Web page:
Infant toenails reveal in utero exposure to low-level arsenic, study finds

July 7, 2014

Infant toenails are a reliable way to estimate arsenic exposure before birth, a Dartmouth College study shows.

The findings appear in the Journal of Exposure Science & Environmental Epidemiology.

A growing body of evidence suggests that in utero and early-life exposure to may have detrimental effects on children, even at the low to moderate levels common in the United States and elsewhere. The fetus starts to develop toenails during the first trimester, making them an accurate measure of exposure to arsenic during the entire gestation. Prior studies that used infant toenails as a biomarker of in utero exposure were conducted in highly exposed populations.

But in a sample of 170 mother–infant pairs from New Hampshire, the researchers determined infant exposure to relatively low arsenic in utero by evaluating infant toenails as a biomarker using plasma mass spectrometry.

The results show that a doubling of maternal postpartum toenail arsenic concentration was associated with a 54 percent increase in infant toenail arsenic concentration as compared with 20 percent for a doubling of maternal urine arsenic concentration. Also, a doubling of maternal toenail and urine arsenic concentrations was associated with a 68 percent increase in infant toenail arsenic concentration. A similar correlation between infant and maternal postpartum toenail concentrations was observed in a group of 130 mother–infant pairs from Rhode Island.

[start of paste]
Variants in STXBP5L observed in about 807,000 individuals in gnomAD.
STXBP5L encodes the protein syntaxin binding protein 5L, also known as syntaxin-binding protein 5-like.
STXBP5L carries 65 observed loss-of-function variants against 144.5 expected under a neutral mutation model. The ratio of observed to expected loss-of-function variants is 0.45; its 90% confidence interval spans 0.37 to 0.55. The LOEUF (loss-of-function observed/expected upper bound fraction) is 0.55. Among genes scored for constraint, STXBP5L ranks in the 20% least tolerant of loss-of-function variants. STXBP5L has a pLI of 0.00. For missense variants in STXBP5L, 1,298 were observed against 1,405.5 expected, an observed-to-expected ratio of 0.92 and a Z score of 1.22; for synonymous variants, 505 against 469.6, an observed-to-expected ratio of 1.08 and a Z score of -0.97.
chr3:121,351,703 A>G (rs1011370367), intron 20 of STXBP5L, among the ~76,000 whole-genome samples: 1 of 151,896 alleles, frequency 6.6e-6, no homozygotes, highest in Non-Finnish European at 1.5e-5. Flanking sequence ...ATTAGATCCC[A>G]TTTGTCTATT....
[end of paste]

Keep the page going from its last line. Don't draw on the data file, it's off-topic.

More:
"In utero to arsenic occurs through maternal drinking water and dietary sources, and infant toenails appear to be a reliable biomarker for estimating during the critical window of gestation," says senior author Professor Margaret Karagas.

Related Stories

What you eat can prevent arsenic overload

June 28, 2012

Millions of people worldwide are exposed to arsenic from contaminated water, and we are all exposed to arsenic via the food we eat. New research published in BioMed Central's open access journal Nutrition Journal has demonstrated ...

Nine tips for keeping your toenails healthy this summer

June 5, 2014

People want their toenails to look great in the summer. But many people allow their toenails to grow too long, which can cause discoloration, blisters and other problems, according to Loyola University Medical Center podiatrist ...

Recommended for you

New weapon in the fight against malnutrition

August 4, 2015

UBC scientists have opened the doors to new research into malnutrition by creating an animal model that replicates the imbalance of gut bacteria associated with the difficult-to-treat disease.

Can four fish oil pills a day keep the doctor away?

July 7, 2015

Fish oil is one of the most popular dietary supplements in the U.S. because of the perceived cardiovascular benefits of the omega-3 it contains. However, scientific findings on its effectiveness have been conflicting. New ...

0 comments

Please sign in to add a comment. Registration is free, and takes less than a minute. Read more

Click here to reset your password.
Sign in to get notified via email when new comments are made.